A colleague once asked me why I attended corporate networking events rather than just stick with networking in the non-profit/social good field. From my perspective, “social good” is an all-encompassing idea, and I believe that any opportunity to engage the larger community can result in learning about something wonderful.
I was fortunate enough to volunteer at last week’s MobiU2012 conference, which was organized by Heartland Mobile Council. One of the afternoon presentations I attended was by Corey Bieber of Blue Cross/Blue Shield of Illinois, who spoke openly about a mobile application they created for expectant mothers.
Arising from the realization that taking a preventative approach for their members’ health can have a positive impact on their bottom line (and help build trust), Blue Cross/Blue Shield looked at a variety of information about who an app could help. Expectant, potential ask-risk mothers were chosen because they not only had a definite start and end point, but also had a finite period in which they were dealing with their health concerns. A smartphone app was developed in order to assist and connect mothers with specific information and guidance provided via Blue Cross/Blue Shield.
There were several insights presented, and the presentation will be posted at the Heartland Mobile site. What follows are a series of bullet points taken from the #MobiU2012 Twitter hashtag:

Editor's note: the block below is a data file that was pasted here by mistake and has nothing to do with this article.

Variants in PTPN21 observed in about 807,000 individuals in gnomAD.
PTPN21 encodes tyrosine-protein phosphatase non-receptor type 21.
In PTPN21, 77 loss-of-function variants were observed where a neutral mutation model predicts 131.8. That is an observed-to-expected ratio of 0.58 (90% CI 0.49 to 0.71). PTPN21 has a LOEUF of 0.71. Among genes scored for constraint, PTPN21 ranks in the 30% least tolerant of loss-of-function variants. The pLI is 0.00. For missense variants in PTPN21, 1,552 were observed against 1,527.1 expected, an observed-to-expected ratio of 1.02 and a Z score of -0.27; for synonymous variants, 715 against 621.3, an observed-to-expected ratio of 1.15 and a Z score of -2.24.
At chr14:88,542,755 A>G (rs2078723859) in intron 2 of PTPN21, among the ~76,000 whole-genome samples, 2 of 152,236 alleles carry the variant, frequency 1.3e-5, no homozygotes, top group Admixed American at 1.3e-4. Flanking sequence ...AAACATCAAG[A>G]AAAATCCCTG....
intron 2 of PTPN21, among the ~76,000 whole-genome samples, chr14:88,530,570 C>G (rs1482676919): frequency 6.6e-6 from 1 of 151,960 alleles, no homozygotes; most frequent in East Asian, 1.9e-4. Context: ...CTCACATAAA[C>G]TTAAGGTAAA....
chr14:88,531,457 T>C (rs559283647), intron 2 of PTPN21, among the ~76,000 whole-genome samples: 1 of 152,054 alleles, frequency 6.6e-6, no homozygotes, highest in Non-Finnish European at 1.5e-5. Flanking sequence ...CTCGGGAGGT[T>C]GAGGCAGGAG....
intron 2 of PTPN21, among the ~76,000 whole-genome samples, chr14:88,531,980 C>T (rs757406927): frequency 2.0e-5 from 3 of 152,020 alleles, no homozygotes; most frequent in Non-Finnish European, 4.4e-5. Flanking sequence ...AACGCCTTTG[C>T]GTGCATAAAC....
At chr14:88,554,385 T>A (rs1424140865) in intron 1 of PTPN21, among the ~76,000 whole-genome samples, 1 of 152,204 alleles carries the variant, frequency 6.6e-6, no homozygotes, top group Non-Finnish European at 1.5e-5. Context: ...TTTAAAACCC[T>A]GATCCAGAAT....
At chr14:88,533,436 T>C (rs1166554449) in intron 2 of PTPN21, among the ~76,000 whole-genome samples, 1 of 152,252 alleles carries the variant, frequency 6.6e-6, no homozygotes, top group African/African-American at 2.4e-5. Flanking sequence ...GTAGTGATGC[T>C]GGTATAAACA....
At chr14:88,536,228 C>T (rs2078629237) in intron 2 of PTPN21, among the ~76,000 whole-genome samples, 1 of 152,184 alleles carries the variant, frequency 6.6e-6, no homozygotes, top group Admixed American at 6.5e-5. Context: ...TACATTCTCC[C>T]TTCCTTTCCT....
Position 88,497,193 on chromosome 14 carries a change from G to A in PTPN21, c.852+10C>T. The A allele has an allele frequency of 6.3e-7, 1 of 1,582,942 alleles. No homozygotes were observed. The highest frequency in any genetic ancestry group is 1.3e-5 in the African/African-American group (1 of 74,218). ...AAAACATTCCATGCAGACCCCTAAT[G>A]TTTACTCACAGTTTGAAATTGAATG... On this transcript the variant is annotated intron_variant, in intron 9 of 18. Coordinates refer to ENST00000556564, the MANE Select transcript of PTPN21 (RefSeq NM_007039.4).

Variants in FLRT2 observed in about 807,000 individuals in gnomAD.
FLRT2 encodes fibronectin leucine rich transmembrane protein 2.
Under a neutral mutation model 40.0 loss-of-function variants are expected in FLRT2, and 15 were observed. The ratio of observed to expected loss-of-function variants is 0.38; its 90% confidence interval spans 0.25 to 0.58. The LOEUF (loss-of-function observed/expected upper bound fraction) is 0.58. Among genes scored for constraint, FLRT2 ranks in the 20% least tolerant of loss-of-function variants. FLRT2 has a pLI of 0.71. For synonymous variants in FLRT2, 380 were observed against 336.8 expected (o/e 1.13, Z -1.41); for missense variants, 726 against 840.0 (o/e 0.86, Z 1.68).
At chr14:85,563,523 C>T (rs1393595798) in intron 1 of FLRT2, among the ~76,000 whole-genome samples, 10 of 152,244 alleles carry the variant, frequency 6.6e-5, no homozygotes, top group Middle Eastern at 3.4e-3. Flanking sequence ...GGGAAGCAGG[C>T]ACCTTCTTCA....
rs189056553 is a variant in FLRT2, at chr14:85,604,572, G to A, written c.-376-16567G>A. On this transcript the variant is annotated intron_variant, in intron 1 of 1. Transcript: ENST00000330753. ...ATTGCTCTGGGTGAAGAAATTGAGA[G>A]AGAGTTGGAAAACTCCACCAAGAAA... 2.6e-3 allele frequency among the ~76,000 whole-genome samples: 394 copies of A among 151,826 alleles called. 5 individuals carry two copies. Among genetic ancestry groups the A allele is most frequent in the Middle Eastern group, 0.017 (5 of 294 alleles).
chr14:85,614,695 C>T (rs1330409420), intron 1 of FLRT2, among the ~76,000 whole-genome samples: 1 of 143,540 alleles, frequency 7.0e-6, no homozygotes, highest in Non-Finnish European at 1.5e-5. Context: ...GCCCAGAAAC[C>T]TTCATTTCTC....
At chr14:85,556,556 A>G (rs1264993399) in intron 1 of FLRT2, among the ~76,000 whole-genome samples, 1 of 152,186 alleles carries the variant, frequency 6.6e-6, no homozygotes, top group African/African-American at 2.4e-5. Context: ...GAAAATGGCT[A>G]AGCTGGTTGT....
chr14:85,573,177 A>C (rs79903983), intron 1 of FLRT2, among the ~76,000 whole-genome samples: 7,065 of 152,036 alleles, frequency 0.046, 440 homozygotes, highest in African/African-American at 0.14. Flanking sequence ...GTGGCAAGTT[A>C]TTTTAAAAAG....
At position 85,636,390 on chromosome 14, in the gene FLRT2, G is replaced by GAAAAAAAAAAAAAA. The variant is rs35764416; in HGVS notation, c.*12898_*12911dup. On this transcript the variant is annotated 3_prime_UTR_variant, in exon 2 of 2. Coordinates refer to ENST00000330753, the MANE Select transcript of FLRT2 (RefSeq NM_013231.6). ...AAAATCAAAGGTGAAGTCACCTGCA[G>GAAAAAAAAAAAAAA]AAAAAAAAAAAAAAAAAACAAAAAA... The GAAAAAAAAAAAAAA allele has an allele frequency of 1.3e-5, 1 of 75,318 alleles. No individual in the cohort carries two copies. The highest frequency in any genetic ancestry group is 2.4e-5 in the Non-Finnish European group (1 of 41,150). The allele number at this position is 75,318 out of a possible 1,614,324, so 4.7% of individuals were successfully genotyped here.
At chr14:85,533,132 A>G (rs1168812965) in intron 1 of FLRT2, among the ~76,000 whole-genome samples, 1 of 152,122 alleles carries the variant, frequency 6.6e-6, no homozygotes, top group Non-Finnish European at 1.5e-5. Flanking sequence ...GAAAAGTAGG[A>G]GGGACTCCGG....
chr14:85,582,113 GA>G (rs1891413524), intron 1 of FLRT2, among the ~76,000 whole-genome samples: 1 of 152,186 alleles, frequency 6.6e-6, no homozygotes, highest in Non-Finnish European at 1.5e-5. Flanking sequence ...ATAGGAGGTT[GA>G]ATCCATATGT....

- Expectant fathers who take an active role in helping often bring a significant reduction in risk, and tend to use app features such as timing contractions.
- Twenty-four (24) percent of mothers involved in Blue Cross/Blue Shield’s program used the mobile app, as opposed to one (1) percent accessing the same information via the member portal (or home page)
- This particular smartphone app streamlined processes, taking a 45 minute phone interview and converting it into a 22 point procedure.
- First-time mothers will acquire a large amount of information and cross-validate, building trust in a provider. This is a process that is necessary in order to properly outreach to them.
Now you’re probably wondering….how does this impact the social good? Simply put: although it’s easy to focus on non-profits and more community-based organizations as ideal audiences for promoting the social good, “community” includes everyone….and the private sector can provide some really good examples of how socially beneficial thinking can benefit both the greater community and the bottom line.
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